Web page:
Rauner criticizes request to halt state worker paychecks
SPRINGFIELD, Ill. (AP) - Illinois Attorney General Lisa Madigan's request that a judge bar the state from paying 63,000 government employees to get feuding Republicans and Democrats to move on a budget deal was decried Friday by GOP Gov. Bruce Rauner, who claimed the Democrat is attempting to "cause a crisis" and shut the government down.
Madigan filed the motion Thursday in St. Clair County, a staunch working-class Illinois suburb of St. Louis where a judge nearly two years ago ordered that withholding paychecks, even without a budget, would violate the state Constitution's requirement that contractual agreements be honored.
She wants the court to set a Feb. 28 deadline, giving Rauner and Democrats who control the Legislature "additional time to enact appropriations" before the comptroller stops cutting checks.
Madigan's move could halt $400 million-a-month in payroll to state workers, forcing major parts of state government to temporarily close. With no budget since July 2015, it's the longest a state has gone without spending authority since at least World War II.
"We won't abandon the prisons and the state police won't park their cars, but most of state government will grind to a halt," said Springfield political scientist Kent Redfield.
Rauner criticized the attorney general. Lisa Madigan is the daughter of powerful House Speaker Michael Madigan, the Chicago Democrat whom Rauner has held up as emblematic of problems he wants to fix.
"I hope this is not a direct attempt to cause a crisis to force a shutdown of the government ... as a step to force a tax hike without any changes to our broken system," Rauner told reporters Friday in Chicago.
The first-term Republican governor campaigned on smaller government and often impugned state workers. But he became their biggest ally in 2015 when their paychecks were threatened and a work stoppage would have evaporated his leverage. Rauner wants to tie a balanced budget to restructuring the business climate to boost commerce, curtail union influence and curb politicians' power.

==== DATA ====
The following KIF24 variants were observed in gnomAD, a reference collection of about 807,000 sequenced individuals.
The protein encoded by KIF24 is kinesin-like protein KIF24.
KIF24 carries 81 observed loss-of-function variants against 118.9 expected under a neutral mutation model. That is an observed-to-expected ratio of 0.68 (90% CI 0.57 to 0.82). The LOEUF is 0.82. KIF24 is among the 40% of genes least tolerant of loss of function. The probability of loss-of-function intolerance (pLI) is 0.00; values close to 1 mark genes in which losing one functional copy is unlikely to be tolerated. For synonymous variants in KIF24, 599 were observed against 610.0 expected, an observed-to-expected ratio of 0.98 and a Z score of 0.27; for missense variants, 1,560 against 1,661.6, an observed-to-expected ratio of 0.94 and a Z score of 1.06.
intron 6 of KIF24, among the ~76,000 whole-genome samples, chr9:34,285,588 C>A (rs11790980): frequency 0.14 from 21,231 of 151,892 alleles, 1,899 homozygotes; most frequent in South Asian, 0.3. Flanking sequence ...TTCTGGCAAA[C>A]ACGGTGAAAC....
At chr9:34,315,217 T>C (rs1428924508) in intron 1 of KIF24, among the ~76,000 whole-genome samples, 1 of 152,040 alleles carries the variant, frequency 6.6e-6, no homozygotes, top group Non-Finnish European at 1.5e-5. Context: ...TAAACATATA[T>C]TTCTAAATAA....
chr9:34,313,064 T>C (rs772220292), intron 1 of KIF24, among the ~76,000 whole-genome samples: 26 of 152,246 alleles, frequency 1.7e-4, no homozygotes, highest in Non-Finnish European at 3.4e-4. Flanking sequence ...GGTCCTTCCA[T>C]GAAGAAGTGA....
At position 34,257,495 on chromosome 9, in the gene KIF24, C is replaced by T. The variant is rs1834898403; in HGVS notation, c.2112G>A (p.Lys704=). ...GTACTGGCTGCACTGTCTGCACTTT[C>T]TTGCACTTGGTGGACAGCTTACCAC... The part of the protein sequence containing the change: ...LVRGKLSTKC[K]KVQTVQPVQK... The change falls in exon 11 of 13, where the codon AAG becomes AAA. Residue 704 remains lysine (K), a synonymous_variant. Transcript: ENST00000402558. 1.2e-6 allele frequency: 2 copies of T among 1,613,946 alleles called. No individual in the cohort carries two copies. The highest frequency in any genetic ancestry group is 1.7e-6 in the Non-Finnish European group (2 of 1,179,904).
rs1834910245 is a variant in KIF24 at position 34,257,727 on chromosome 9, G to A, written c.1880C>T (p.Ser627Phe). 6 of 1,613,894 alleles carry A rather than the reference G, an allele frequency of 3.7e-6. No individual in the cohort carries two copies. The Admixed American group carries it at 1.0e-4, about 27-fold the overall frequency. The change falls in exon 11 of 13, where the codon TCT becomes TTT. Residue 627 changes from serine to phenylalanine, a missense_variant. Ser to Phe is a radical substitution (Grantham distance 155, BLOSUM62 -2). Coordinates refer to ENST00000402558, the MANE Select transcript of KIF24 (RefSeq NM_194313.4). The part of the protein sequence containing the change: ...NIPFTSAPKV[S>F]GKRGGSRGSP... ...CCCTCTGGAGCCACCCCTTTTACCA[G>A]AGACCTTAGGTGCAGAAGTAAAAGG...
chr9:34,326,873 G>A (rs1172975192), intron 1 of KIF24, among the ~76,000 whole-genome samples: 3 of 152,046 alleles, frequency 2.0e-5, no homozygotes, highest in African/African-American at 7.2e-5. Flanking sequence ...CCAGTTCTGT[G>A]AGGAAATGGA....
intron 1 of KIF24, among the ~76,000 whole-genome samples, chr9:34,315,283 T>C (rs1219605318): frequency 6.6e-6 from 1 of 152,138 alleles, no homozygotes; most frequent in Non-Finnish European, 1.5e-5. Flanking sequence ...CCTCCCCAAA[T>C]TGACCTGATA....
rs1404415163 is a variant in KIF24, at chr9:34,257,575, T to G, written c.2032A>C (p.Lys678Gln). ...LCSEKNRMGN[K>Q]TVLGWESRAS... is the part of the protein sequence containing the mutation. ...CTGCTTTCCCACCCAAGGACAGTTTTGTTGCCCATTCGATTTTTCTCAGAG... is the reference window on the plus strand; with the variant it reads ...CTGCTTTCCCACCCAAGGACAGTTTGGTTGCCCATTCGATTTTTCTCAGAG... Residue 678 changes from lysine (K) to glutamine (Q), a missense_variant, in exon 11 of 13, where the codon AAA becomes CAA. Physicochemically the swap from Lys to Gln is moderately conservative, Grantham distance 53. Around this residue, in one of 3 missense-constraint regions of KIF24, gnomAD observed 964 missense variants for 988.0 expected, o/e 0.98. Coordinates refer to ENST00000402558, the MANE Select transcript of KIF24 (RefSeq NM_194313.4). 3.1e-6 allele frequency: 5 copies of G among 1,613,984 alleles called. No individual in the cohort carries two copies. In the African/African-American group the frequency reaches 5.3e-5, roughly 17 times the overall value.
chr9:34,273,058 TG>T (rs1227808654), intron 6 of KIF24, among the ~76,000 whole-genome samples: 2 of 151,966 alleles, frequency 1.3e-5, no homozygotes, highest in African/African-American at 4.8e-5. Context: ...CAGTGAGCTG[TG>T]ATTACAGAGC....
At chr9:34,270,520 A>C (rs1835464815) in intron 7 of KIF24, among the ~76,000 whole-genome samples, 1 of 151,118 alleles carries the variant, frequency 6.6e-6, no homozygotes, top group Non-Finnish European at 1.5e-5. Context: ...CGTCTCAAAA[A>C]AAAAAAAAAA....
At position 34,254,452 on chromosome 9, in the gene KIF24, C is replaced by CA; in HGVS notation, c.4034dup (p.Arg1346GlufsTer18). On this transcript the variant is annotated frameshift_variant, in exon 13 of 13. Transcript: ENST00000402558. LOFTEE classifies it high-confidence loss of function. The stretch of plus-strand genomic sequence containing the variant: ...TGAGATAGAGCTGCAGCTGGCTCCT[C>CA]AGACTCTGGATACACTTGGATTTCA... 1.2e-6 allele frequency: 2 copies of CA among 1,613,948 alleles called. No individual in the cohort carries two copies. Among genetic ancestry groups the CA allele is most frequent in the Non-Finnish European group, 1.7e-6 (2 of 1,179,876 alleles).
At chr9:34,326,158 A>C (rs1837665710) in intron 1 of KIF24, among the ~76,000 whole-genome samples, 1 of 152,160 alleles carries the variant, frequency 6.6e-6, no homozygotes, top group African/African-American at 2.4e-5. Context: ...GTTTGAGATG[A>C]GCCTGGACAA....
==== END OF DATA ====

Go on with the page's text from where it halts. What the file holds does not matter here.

Rauner noted that the Senate continues negotiating a bipartisan budget plan to break the deadlock. Leaders promised a January vote which didn't materialize, but pledged to try again next month.
A government shutdown would appear to favor Democrats who want to tackle the shortfall with tax increases, spending cuts - and no Rauner policy changes, said Nick Kachiroubas, a DePaul University political scientist. But played shrewdly, Rauner could reject a tax increase, weather the short-term pain of a possible shutdown, and still recover, with help of his personal wealth, in time for the 2018 governor's race, he said.
American Federation of State, County and Municipal Employees Council 31 spokesman Anders Lindall said the union was "shocked and extremely disappointed" by the filing.
AFSCME is fighting Rauner on another front. The union's 35,000 members have been without a ratified contract for two years. A state labor board has declared negotiations irrevocably stalled and allowed Rauner to impose the contract he prefers. The union has scheduled its first ever vote seeking membership support for a strike. It begins Monday at work sites and continues to Feb. 19.
A possible shutdown would not dampen enthusiasm for a strike vote, said Robert Bruno, director of the Labor Education Program at the University of Illinois at Urbana-Champaign. "It could only have the effect of further encouraging it."
Contact Political Writer John O'Connor at https://twitter.com/apoconnor. His work can be found at http://bigstory.ap.org/content/john-oconnor.